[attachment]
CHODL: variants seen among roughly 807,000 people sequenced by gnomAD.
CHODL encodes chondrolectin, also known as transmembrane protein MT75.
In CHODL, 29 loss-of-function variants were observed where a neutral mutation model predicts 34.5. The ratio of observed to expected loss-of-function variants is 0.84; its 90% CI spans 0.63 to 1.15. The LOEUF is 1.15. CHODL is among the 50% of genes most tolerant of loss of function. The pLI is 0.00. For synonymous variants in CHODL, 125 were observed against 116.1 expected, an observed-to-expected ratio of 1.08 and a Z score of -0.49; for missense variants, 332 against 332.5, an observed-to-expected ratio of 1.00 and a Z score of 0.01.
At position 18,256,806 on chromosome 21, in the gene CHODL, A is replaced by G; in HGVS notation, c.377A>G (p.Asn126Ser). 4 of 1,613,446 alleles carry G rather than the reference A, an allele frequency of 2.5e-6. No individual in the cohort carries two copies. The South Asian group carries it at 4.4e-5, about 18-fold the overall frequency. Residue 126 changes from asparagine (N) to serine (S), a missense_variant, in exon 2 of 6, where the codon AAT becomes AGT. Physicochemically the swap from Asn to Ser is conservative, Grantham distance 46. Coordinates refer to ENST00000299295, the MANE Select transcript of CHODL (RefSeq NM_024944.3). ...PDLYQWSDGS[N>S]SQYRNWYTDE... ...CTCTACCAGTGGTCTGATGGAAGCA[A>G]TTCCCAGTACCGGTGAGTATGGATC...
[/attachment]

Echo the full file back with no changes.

CHODL: variants seen among roughly 807,000 people sequenced by gnomAD.
CHODL encodes chondrolectin, also known as transmembrane protein MT75.
In CHODL, 29 loss-of-function variants were observed where a neutral mutation model predicts 34.5. The ratio of observed to expected loss-of-function variants is 0.84; its 90% CI spans 0.63 to 1.15. The LOEUF is 1.15. CHODL is among the 50% of genes most tolerant of loss of function. The pLI is 0.00. For synonymous variants in CHODL, 125 were observed against 116.1 expected, an observed-to-expected ratio of 1.08 and a Z score of -0.49; for missense variants, 332 against 332.5, an observed-to-expected ratio of 1.00 and a Z score of 0.01.
At position 18,256,806 on chromosome 21, in the gene CHODL, A is replaced by G; in HGVS notation, c.377A>G (p.Asn126Ser). 4 of 1,613,446 alleles carry G rather than the reference A, an allele frequency of 2.5e-6. No individual in the cohort carries two copies. The South Asian group carries it at 4.4e-5, about 18-fold the overall frequency. Residue 126 changes from asparagine (N) to serine (S), a missense_variant, in exon 2 of 6, where the codon AAT becomes AGT. Physicochemically the swap from Asn to Ser is conservative, Grantham distance 46. Coordinates refer to ENST00000299295, the MANE Select transcript of CHODL (RefSeq NM_024944.3). ...PDLYQWSDGS[N>S]SQYRNWYTDE... ...CTCTACCAGTGGTCTGATGGAAGCA[A>G]TTCCCAGTACCGGTGAGTATGGATC...